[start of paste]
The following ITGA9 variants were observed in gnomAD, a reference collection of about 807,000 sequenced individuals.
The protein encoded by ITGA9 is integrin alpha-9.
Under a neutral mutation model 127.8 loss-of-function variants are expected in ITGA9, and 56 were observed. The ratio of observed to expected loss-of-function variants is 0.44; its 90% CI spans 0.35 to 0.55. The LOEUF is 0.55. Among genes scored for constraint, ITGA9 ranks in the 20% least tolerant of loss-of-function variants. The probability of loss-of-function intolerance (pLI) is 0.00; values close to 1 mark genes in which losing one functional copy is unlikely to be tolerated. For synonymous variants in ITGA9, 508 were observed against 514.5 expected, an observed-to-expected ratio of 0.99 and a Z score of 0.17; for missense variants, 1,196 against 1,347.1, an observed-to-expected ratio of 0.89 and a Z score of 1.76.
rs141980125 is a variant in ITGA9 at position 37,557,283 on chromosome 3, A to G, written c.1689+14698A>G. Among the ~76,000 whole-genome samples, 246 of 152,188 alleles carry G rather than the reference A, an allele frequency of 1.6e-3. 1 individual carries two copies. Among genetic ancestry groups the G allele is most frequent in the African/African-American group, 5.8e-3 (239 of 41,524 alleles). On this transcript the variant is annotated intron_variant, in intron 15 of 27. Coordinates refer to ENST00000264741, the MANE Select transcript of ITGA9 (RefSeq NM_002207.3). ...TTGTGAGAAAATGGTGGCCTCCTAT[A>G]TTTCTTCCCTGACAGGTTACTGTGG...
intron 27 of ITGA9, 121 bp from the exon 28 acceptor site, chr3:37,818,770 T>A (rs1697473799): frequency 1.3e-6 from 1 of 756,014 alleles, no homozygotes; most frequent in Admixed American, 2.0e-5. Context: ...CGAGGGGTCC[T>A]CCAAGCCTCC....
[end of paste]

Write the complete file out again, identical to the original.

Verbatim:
The following ITGA9 variants were observed in gnomAD, a reference collection of about 807,000 sequenced individuals.
The protein encoded by ITGA9 is integrin alpha-9.
Under a neutral mutation model 127.8 loss-of-function variants are expected in ITGA9, and 56 were observed. The ratio of observed to expected loss-of-function variants is 0.44; its 90% CI spans 0.35 to 0.55. The LOEUF is 0.55. Among genes scored for constraint, ITGA9 ranks in the 20% least tolerant of loss-of-function variants. The probability of loss-of-function intolerance (pLI) is 0.00; values close to 1 mark genes in which losing one functional copy is unlikely to be tolerated. For synonymous variants in ITGA9, 508 were observed against 514.5 expected, an observed-to-expected ratio of 0.99 and a Z score of 0.17; for missense variants, 1,196 against 1,347.1, an observed-to-expected ratio of 0.89 and a Z score of 1.76.
rs141980125 is a variant in ITGA9 at position 37,557,283 on chromosome 3, A to G, written c.1689+14698A>G. Among the ~76,000 whole-genome samples, 246 of 152,188 alleles carry G rather than the reference A, an allele frequency of 1.6e-3. 1 individual carries two copies. Among genetic ancestry groups the G allele is most frequent in the African/African-American group, 5.8e-3 (239 of 41,524 alleles). On this transcript the variant is annotated intron_variant, in intron 15 of 27. Coordinates refer to ENST00000264741, the MANE Select transcript of ITGA9 (RefSeq NM_002207.3). ...TTGTGAGAAAATGGTGGCCTCCTAT[A>G]TTTCTTCCCTGACAGGTTACTGTGG...
intron 27 of ITGA9, 121 bp from the exon 28 acceptor site, chr3:37,818,770 T>A (rs1697473799): frequency 1.3e-6 from 1 of 756,014 alleles, no homozygotes; most frequent in Admixed American, 2.0e-5. Context: ...CGAGGGGTCC[T>A]CCAAGCCTCC....